But it’s difficult, because you realize Jack and Grace are inseparable.
Some might call this true love. Others might wonder why Grace never answers the phone. Or why she can never meet for coffee, even though she doesn’t work. How she can cook such elaborate meals but remain so slim. Or why she never seems to take anything with her when she leaves the house, not even a pen. Or why there are such high-security metal shutters on all the downstairs windows.
Some might wonder what’s really going on once the dinner party is over, and the front door has closed.
From bestselling author B. A. Paris comes the gripping thriller and international phenomenon Behind Closed Doors.
“Unputdownable.” —Stephen King
“A dark, twisty confection.” —Ruth Ware
“Absolutely gripping.” —Louise Penny
For readers of Gillian Flynn and Tana French comes one of the decade’s most anticipated debuts, to be published in thirty-six languages around the world and already in development as a major film from Fox: a twisty, powerful Hitchcockian thriller about an agoraphobic woman who believes she witnessed a crime in a neighboring house.
It isn’t paranoia if it’s really happening . . .
Anna Fox lives alone—a recluse in her New York City home, unable to venture outside. She spends her day drinking wine (maybe too much), watching old movies, recalling happier times . . . and spying on her neighbors.
Then the Russells move into the house across the way: a father, a mother, their teenage son. The perfect family. But when Anna, gazing out her window one night, sees something she shouldn’t, her world begins to crumble—and its shocking secrets are laid bare.
What is real? What is imagined? Who is in danger? Who is in control? In this diabolically gripping thriller, no one—and nothing—is what it seems.
Twisty and powerful, ingenious and moving, The Woman in the Window is a smart, sophisticated novel of psychological suspense that recalls the best of Hitchcock.
Josh McDavid is behaving oddly. He seems strangely withdrawn. He suffers blackouts and hallucinations. For no reason his mind is filled with snatches of music, the smell of leather, the cry of a man dying in anguish…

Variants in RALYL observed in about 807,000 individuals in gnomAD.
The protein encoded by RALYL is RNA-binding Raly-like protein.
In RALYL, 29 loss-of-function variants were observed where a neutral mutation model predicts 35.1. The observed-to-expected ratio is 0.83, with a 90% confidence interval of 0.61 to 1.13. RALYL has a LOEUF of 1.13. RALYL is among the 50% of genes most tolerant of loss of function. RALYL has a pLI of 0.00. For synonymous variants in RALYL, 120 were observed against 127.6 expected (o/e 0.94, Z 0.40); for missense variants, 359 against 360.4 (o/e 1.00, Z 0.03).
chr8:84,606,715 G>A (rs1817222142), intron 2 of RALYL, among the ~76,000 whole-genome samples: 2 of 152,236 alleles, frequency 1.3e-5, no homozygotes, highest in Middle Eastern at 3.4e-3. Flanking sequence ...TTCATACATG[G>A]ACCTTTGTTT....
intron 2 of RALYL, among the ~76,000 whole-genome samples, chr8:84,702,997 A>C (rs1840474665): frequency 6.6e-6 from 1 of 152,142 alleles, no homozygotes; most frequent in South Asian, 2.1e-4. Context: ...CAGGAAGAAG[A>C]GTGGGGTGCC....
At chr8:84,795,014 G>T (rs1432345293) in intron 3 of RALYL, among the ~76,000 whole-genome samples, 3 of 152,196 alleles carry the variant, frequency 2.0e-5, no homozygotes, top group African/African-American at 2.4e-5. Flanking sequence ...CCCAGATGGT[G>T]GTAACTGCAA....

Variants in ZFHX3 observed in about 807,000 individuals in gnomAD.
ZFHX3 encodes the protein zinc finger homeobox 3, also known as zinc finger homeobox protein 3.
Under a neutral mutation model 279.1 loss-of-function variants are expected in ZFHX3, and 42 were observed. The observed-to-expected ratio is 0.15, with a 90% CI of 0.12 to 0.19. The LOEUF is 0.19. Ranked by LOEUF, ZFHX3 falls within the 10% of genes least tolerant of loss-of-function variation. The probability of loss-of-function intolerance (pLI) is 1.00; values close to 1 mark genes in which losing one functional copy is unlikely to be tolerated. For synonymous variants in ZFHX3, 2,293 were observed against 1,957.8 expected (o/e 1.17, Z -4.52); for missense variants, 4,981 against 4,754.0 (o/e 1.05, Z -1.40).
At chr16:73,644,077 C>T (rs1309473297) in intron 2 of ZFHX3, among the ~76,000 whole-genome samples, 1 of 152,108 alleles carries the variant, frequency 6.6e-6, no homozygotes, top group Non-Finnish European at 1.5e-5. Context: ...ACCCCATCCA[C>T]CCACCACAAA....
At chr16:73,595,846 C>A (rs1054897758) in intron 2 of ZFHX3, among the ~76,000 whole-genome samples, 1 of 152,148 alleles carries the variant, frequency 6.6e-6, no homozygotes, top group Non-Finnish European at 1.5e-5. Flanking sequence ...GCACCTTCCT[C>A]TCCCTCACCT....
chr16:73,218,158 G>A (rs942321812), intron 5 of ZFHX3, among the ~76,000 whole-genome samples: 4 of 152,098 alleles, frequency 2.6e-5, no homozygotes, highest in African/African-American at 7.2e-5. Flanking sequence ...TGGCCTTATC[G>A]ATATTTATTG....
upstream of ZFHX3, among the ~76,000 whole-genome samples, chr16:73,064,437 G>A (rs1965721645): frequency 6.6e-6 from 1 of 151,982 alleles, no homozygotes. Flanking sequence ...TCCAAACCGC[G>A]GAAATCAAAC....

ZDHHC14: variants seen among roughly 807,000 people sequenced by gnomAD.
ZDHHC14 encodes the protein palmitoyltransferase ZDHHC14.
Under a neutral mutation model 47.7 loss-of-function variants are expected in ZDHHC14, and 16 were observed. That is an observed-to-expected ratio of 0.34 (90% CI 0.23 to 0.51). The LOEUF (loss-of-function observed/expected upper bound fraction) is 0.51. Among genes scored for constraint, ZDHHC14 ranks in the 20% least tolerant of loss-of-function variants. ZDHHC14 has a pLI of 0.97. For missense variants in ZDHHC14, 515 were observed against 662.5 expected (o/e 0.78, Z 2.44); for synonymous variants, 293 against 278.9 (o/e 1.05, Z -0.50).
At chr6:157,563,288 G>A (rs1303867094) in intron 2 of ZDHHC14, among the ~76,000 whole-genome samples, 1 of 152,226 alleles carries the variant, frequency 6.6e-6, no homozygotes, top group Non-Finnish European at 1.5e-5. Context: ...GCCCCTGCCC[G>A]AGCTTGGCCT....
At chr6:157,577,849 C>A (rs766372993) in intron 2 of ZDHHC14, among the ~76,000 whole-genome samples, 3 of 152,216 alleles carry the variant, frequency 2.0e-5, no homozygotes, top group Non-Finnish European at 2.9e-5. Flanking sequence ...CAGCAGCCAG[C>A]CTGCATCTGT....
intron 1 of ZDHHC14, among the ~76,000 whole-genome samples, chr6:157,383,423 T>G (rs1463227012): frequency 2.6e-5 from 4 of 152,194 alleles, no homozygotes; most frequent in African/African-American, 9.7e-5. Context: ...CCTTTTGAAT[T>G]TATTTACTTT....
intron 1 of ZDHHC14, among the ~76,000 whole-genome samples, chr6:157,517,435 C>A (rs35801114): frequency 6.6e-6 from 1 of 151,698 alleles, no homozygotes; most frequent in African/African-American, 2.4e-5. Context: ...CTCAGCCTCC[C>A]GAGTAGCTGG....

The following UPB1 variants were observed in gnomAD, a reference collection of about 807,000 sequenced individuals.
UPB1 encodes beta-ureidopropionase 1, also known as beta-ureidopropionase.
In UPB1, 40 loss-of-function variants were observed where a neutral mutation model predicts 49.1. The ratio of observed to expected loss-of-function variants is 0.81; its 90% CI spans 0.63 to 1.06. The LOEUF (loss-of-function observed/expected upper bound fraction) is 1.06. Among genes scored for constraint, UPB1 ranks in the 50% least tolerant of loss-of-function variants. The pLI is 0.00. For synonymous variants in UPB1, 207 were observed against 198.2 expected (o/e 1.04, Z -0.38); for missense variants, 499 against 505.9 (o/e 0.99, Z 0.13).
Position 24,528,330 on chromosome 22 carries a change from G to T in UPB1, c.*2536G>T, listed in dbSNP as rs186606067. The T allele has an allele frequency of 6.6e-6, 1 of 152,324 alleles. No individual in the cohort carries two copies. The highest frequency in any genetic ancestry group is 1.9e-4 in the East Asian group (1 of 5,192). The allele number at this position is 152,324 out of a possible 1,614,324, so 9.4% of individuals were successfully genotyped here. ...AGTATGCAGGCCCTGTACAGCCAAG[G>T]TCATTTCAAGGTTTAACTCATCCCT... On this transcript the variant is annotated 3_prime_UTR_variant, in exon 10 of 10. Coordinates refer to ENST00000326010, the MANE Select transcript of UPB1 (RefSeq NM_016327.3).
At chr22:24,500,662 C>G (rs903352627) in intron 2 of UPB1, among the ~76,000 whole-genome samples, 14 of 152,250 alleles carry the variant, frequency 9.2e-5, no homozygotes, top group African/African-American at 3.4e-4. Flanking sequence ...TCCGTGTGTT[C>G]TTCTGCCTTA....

He is diagnosed as epileptic and while a surgeon prepares the surgery that could cure him, his girlfriend probes the family history.
For seventeen generations, the eldest son in his family has died violently before his thirty-third birthday.
Josh is thirty-two. He is marked down as the next victim of a terrifying curse from the darkened sky of Golgotha. A death sentence that echoes down across two thousand years…
“The girl’s terror was mesmerizing, the menace of the assailant unmistakable. He showed the camera the blade, light reflecting off the serrated edge. Suddenly, the blade slashed, blood flew …”
It was a movie—but not make-believe. The horror was real, and the spectators knew without a shadow of doubt that their idyllic Colorado mountain resort of Gatlin Pass was both the hunting ground and the hiding place for a ring of snuff filmmakers who preyed on tourists and teenagers.
Newspaperman Gary Colter watched the film to its bloody finale—but his interest was not prurient. His own daughter was mysteriously missing. When a vicious renegade was captured, Colter’s search for the monsters did not end. He was sure that there was another man still at large—a man holding his daughter in nightmare bondage.
With his acclaimed novel Prey, C. Terry Cline, Jr., established himself in the first rank of spellbinding storytellers. Now with this blood-chilling exploration of human violence and the forces that shape it, he achieves a new high in tension and action. Quarry is a taut, page-turner about the power of evil and the strength of a father’s love that you will not soon forget.
A riveting, unforgettable story of vengeance stretched to the outer limits of sanity.
Fatal attraction to a charismatic killer—the only apparent link in the lurid slayings of young women across a dozen states, but seemingly enough for criminologist Joanne Fleming to create a psychological profile of the murderer: brilliant, elusive, sometime voyeur, too often an angel of no mercy, the awful truth of him cloaked in his “innocent”—and irresistible—sexual allure. Fleming, the professional, seeks rehabilitation, not retribution. What she finds—and what finds her—is a fight to the last ounce of cunning and courage for the life of her teen-age daughter against a man out to teach the expert a lesson she will never forget.
Through the swamps and bayous of Florida, and the mired channels of the criminal justice system, Joanne Fleming’s professional and personal lives collide, as mother and murderer track each other in an intricate—and ultimately intimate—dance of death-and-survival.